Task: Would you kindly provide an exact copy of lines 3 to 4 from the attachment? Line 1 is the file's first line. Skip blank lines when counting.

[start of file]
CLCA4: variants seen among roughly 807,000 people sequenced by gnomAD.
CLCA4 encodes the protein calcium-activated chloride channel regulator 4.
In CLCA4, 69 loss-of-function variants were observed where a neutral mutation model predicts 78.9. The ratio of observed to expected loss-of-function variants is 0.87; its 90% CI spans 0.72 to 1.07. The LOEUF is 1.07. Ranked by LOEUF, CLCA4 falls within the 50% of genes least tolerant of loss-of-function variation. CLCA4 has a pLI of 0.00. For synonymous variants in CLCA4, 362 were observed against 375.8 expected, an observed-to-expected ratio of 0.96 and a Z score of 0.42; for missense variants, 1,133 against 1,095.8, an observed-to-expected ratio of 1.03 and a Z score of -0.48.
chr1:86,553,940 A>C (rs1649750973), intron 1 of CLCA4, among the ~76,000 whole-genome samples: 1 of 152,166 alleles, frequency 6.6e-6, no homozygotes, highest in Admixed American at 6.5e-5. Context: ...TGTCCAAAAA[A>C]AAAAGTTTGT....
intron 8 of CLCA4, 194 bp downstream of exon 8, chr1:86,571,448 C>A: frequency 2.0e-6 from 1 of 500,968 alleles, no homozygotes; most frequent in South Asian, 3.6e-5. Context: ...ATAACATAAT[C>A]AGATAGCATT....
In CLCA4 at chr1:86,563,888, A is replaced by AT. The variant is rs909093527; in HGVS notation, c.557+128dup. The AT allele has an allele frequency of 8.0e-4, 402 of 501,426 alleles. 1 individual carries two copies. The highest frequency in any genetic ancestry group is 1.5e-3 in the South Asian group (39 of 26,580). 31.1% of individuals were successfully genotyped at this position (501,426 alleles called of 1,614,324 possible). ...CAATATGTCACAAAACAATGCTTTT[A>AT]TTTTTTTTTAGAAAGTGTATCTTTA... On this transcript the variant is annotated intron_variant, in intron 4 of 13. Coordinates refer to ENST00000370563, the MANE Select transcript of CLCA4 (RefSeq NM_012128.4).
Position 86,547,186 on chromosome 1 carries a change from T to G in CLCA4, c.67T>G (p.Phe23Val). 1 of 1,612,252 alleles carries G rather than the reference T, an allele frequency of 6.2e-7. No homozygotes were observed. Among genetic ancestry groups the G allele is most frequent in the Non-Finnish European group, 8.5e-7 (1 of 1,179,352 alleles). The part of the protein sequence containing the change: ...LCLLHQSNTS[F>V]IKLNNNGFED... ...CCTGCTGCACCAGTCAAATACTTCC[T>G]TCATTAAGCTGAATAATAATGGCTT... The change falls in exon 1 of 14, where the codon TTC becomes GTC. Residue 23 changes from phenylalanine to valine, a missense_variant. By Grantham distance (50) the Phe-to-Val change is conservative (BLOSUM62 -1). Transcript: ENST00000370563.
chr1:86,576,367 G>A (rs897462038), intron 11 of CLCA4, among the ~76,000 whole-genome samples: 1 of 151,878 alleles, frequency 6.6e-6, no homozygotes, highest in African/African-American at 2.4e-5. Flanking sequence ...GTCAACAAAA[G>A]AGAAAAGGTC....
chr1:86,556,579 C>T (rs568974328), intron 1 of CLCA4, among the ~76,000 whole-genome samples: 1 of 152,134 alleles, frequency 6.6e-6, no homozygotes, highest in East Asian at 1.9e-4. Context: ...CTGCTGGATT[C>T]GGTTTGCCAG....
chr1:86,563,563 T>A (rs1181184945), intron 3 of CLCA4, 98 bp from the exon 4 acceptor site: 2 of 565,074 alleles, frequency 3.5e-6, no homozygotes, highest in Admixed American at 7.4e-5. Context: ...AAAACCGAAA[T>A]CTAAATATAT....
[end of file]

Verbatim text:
In CLCA4, 69 loss-of-function variants were observed where a neutral mutation model predicts 78.9. The ratio of observed to expected loss-of-function variants is 0.87; its 90% CI spans 0.72 to 1.07. The LOEUF is 1.07. Ranked by LOEUF, CLCA4 falls within the 50% of genes least tolerant of loss-of-function variation. CLCA4 has a pLI of 0.00. For synonymous variants in CLCA4, 362 were observed against 375.8 expected, an observed-to-expected ratio of 0.96 and a Z score of 0.42; for missense variants, 1,133 against 1,095.8, an observed-to-expected ratio of 1.03 and a Z score of -0.48.
chr1:86,553,940 A>C (rs1649750973), intron 1 of CLCA4, among the ~76,000 whole-genome samples: 1 of 152,166 alleles, frequency 6.6e-6, no homozygotes, highest in Admixed American at 6.5e-5. Context: ...TGTCCAAAAA[A>C]AAAAGTTTGT....